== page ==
Chameleon Games. Overview of foreign products in camouflage and camouflage
The company Barracuda declare that in this picture there is a man dressed in Sotacs
Camouflage and camouflage systems are aimed at increasing the survivability of military systems; they are responsible for the first two defense elements in the equation “not seen, not found, not shot, not killed”. The use of masking tactics, such as the use of terrain features, the introduction of correct camouflage to mix the system with the background (environment) and deploy traps in the area, increases the complexity of the task of finding a target by any opponent.
The fact that someone can make their weapons system "invisible" makes all camouflage (camouflage) and deception case a top-secret thing. As a result, not many countries want to disclose their latest discoveries in this field, even at international meetings.
Holography, fiber, reduced signatures, adaptive camouflage and optical camouflage are increasingly promising technologies, while many other technologies are being considered to make the subject invisible; this does not mean “inventing invisible coverage”, but merging an object with its background as much as possible in a larger range of the spectrum.
Among the various promising technologies, spectral and adaptive controlled materials are at the top of the list, although their development is still in its initial stages. As for the visible spectrum, here we see quite advanced systems, this applies to such systems as a polymer light emitting diode, LCD displays and other systems based on conductivity. This gives good hopes for interesting applications that could lead to active camouflage systems that mimic the background on the system surface, something that could be very interesting, especially in urban areas. Although the technology still needs to be developed and developed, especially with regard to displays, data processing and battery power.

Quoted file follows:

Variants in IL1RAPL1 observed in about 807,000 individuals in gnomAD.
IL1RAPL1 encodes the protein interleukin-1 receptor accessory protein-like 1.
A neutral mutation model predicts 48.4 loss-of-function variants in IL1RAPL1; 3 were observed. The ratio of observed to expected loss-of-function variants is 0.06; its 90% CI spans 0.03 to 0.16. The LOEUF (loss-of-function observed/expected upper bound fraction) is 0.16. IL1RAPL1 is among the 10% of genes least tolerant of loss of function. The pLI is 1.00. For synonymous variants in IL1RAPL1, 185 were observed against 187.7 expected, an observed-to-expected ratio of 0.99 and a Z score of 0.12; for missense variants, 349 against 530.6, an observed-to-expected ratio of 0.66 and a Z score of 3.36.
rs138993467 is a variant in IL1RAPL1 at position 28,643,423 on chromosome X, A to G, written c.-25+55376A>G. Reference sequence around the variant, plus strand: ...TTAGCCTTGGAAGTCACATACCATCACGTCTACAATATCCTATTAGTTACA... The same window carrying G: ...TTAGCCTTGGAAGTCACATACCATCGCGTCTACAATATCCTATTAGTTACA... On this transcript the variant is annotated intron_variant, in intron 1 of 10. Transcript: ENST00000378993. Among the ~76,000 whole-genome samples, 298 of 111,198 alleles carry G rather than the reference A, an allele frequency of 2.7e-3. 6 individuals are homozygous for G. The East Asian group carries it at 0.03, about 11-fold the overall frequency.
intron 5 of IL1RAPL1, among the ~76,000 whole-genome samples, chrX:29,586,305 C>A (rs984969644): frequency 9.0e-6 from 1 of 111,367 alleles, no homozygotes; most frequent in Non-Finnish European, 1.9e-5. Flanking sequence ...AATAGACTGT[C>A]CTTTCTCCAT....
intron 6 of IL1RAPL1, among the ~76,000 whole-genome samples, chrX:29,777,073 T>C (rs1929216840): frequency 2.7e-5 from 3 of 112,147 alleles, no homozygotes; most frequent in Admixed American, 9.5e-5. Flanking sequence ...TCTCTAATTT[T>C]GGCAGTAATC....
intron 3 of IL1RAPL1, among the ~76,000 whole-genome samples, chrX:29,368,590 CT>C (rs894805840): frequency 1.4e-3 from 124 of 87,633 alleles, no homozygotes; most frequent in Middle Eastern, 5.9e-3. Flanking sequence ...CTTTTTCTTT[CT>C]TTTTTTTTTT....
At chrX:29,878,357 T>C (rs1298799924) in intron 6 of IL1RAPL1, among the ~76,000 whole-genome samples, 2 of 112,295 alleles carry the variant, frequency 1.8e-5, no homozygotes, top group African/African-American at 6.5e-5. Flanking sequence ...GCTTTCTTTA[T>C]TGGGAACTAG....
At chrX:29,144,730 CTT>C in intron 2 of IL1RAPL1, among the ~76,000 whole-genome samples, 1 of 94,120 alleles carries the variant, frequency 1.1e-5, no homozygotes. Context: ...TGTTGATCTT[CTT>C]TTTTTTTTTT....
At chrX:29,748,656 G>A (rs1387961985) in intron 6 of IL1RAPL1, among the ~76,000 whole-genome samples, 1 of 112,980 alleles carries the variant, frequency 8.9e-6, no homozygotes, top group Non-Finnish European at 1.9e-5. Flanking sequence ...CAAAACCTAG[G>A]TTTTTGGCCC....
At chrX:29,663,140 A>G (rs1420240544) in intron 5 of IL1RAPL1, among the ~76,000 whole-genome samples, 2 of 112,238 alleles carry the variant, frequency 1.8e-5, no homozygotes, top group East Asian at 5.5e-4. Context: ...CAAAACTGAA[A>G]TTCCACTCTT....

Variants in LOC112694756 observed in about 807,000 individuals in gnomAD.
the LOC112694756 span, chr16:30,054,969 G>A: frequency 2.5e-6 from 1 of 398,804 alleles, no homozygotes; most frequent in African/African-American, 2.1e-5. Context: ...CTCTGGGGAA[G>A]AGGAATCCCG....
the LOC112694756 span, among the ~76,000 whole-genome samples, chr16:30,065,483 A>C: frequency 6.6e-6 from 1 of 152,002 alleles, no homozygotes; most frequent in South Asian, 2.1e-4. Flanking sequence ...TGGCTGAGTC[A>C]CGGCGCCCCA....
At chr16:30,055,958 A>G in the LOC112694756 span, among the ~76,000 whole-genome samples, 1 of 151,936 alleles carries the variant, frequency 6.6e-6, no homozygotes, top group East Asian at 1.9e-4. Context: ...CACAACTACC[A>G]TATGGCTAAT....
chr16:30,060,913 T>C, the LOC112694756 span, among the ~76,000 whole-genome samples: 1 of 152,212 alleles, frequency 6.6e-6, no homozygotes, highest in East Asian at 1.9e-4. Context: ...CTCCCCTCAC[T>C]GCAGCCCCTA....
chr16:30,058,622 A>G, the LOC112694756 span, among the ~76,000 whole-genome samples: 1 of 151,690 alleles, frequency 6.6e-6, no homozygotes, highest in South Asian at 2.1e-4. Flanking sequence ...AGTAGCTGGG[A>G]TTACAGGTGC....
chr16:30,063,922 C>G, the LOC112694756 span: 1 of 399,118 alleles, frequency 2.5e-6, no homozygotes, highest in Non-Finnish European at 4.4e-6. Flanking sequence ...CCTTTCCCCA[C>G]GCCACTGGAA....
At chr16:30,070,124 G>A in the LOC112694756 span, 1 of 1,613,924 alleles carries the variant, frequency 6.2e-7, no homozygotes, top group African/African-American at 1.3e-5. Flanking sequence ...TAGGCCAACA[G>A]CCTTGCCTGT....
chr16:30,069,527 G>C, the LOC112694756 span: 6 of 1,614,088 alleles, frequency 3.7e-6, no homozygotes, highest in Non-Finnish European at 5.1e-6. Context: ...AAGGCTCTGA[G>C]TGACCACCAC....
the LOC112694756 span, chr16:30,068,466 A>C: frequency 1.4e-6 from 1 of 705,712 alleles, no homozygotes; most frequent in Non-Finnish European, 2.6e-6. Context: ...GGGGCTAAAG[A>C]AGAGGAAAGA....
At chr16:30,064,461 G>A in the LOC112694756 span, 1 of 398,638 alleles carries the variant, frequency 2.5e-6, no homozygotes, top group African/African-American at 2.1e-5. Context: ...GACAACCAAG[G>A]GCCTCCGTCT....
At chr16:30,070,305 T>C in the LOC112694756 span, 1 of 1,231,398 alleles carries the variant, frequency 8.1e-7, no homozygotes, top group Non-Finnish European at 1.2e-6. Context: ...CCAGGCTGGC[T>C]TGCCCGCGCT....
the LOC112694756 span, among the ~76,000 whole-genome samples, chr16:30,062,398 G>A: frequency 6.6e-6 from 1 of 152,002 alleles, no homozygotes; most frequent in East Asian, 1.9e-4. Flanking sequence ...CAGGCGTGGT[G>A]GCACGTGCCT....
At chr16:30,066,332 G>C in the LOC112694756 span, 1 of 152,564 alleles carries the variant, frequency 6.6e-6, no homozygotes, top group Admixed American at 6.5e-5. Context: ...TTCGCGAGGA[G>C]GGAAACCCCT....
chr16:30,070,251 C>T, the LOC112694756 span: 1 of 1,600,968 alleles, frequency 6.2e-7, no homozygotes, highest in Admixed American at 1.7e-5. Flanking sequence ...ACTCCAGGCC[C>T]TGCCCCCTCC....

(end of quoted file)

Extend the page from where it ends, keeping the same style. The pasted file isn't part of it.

The first thing to consider is the type of sensitive element that the enemy is likely to use, it can vary from the naked eye to the thermal imager, radar, etc. After all, some solutions can hide an object well in one of the parts of the spectrum, but make it even more visible in another part. Currently, in the most demanded, ground-based scenario, due to the fact that the environment can change very quickly and the distance of defeat is shorter, masking is mainly a combination of fabrics and so-called patterns (camouflage patterns) for infantrymen and coloring and disguise nets for machines and weapons systems. Marines use a combat uniform, a camouflage pattern of which adapts them to the scenario in which they are going to work. Initially, green was the preferred color, as most wars were fought (or should have been) in Europe, where grass and trees were the prevailing natural elements. Next, splitting patterns with two, three, or more colors came into play, and those armies that stationed their soldiers in different scenarios began to diversify their camouflage. Winter, desert, or wooded areas became typical patterns, which were then followed by attempts to use urban camouflage, although the diversity of the environment (background) found in built-up areas makes it difficult to find the right solution. The emergence of thermal imaging has led to the use of anti-thermal tissues, whereas digital landscape analysis transformed the patterns into pixel ones.